This year’s Melbourne Fringe program packs in an impressive 440 events over 18 days, and will take audiences from pools to rooftops, from comedy to installation art. There’s a lot of great stuff on offer, and we know that trying to whittle things down to a manageable shortlist can be a daunting task. So, with things kicking off this week, we had a chat with the festival’s creative director and CEO, Simon Abrahams, about the events he’s excited to put on, the deeper themes running through this year’s program and how to make the most out of your time at the festival.
If you’re a bit uncertain what to see, the hub at the North Melbourne Arts House is a good place to start looking. It's a strong tethering point for many different kinds of show.
Kicking things off will be the Arty Farty Opening Party (with this enticing warning: “contains strobe lighting, haze effects, coarse language, adult themes”), and from there the venue will be hosting a plethora of events ranging from dance to comedy to social commentary. “There’s a really strong participatory program there,” Abrahams says.
When it comes to getting the most out of the Fringe program, Abrahams has this advice: book something you believe will be great – “maybe it’s won an award or they’ve toured before – and also book something “that you’ve absolutely never heard of.”
“Take a risk, take a punt, you never know where it’s going to lead you.”
Installations and unusual venues
“There’s a whole program of really interesting kind of site-specific work in strange venues,” Abrahams says. Fanaticus is a collision of performance art and street basketball taking place in the QV courtyard. Crimson Tide is a light-hearted menstruation-themed water ballet that will take place at the Melbourne City Baths. Then Pivot is a large-scale sculptural work by Madeleine Flynn and Tim Humphrey installed at Federation Square, which explores the role of conversation in our democracy.
Encouraging participants to look at their city in a new way is the Forest Exchange Lab, a series of seven free events created in a collaboration between local artists and the UK’s Forest Fringe. Abrahams is particularly excited about this piece, which he hopes will open up conversations as the team “respond to sites in the west of Melbourne and look at the role of artists as provocateurs.”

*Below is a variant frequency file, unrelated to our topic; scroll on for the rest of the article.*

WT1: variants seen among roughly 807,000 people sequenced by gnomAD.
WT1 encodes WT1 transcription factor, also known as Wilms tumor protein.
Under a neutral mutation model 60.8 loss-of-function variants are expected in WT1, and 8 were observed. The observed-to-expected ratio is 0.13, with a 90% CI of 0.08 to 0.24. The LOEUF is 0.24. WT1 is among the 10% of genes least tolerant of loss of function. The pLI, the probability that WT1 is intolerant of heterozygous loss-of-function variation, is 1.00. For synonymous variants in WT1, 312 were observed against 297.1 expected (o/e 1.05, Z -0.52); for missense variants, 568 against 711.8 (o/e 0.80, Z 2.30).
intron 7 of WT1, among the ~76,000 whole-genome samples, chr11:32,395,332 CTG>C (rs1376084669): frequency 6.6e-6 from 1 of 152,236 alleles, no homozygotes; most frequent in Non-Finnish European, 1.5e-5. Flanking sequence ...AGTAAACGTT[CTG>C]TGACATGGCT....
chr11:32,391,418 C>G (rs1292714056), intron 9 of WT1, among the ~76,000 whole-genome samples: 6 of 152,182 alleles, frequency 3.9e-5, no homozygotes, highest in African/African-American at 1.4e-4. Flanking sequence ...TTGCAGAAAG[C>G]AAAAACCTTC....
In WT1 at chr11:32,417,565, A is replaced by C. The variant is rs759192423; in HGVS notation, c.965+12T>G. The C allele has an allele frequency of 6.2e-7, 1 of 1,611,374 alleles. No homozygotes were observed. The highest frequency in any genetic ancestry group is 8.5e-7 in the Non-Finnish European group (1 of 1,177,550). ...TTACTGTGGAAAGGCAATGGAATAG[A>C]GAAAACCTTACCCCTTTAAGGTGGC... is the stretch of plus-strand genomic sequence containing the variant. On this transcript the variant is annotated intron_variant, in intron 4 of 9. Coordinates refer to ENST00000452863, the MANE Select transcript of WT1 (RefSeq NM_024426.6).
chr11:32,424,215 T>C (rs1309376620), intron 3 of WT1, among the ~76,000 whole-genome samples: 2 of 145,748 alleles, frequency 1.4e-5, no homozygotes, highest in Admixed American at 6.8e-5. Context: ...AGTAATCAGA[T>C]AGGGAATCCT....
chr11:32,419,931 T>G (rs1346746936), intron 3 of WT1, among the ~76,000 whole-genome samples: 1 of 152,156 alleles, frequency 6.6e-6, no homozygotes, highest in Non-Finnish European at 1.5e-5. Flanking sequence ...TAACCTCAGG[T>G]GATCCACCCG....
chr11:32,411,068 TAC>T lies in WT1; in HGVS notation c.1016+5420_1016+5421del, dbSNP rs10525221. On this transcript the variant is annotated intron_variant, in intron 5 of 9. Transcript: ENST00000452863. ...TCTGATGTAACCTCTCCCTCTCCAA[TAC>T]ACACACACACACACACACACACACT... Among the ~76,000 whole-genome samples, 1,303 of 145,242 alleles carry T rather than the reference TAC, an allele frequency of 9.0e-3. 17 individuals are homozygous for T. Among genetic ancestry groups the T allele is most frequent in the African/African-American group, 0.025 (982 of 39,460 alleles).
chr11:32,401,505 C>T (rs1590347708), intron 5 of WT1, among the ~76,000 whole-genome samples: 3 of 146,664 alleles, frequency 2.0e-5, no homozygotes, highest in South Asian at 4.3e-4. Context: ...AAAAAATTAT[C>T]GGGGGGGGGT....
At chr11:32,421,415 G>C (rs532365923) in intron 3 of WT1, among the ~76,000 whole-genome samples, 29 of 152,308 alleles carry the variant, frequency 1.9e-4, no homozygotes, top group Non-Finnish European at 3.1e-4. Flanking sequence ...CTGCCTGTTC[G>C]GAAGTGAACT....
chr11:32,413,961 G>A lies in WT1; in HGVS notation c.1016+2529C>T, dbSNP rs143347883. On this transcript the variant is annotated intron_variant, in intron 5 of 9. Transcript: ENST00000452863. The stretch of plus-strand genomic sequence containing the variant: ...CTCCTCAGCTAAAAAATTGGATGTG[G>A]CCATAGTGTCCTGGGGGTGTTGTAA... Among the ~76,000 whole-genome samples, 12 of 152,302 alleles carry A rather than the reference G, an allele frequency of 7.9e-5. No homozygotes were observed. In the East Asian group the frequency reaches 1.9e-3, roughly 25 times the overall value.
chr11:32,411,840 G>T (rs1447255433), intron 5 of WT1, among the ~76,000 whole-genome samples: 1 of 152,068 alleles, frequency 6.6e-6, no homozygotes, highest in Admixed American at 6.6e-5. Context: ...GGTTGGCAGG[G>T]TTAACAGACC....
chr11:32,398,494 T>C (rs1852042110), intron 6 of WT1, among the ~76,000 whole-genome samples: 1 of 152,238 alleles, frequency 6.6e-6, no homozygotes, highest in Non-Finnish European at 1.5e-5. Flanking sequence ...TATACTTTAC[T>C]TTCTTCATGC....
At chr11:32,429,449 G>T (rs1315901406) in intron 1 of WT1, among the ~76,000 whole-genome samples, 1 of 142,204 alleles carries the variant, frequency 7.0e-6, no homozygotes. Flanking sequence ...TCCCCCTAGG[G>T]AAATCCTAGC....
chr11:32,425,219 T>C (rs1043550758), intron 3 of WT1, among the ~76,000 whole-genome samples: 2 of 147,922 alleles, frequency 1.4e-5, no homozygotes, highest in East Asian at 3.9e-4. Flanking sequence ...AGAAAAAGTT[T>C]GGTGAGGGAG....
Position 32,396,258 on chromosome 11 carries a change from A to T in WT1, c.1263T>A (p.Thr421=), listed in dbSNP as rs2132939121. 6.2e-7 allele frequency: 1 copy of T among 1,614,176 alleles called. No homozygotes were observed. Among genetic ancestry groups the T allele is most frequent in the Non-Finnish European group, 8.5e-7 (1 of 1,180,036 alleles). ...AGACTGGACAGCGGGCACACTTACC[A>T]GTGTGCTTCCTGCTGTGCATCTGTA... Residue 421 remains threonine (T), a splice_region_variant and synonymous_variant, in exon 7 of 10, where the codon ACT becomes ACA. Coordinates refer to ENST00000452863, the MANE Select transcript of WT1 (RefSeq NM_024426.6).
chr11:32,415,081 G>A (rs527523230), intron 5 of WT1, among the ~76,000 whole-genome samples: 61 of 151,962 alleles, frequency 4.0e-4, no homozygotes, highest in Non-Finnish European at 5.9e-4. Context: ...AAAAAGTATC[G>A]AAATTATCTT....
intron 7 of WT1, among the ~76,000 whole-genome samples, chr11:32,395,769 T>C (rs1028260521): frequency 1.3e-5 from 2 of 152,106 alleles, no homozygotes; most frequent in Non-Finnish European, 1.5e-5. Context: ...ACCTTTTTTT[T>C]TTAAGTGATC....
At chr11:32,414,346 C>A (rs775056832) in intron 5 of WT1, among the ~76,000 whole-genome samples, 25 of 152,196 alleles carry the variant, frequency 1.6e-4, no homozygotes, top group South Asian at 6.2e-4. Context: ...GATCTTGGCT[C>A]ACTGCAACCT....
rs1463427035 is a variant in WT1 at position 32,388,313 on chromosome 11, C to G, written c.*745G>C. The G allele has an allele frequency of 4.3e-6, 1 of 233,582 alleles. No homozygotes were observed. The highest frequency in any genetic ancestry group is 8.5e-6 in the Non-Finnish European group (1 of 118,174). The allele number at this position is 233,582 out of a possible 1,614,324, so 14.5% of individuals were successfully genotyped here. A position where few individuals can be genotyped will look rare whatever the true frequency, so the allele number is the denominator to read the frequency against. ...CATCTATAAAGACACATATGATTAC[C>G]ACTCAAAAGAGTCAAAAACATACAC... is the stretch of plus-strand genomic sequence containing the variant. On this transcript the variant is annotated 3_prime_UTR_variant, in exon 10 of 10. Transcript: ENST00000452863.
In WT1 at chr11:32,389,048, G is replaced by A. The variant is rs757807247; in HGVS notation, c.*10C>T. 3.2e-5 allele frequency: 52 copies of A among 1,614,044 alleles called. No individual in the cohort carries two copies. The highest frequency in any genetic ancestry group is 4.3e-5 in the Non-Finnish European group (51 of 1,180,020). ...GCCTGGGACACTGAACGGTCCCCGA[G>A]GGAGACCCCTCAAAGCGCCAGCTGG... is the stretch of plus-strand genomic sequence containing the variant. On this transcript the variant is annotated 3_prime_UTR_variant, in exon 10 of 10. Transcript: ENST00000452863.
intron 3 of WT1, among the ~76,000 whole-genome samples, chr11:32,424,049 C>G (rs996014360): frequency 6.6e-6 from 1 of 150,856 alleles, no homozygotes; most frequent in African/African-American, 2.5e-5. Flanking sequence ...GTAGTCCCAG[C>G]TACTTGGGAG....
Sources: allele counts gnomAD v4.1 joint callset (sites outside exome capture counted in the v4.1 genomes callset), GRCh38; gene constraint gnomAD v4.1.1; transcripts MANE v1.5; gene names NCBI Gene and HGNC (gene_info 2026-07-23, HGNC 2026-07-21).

Dis place will also be a highlight – it’s one of two new works commissioned through the Deadly Fringe program, which supports new work by Indigenous artists – with a travelling performance along Gertrude Street that tackles the idea of gentrification.
Abrahams points out that several Fringe events look at pop culture or somehow reminisce about the nineties. “There’s a Shania Twain Show (Shania Choir), there’s a Spice Girls show (Grrrl Power), a George Michael event (Faith) and a Vanessa Amorosi show (How To Kill The Queen Of Pop)!” For a group that shares such a strong thread, these performances couldn’t be more different. Think a capella tributes in leopard print, a drag pop murder bonanza, and learning the dances to some of the most iconic girl-boss songs of the last few decades.
An expansive program for kids takes place at ArtPlay, where children can enjoy events such as dance marathon Starting School, a spin-off of the popular Friday night dance club, Finishing School. “I really love that that program also is really political,” Abrahams says. Express Yourself is a feminist party for kids, and Rainbow Paradiso is a queer event for rainbow families.
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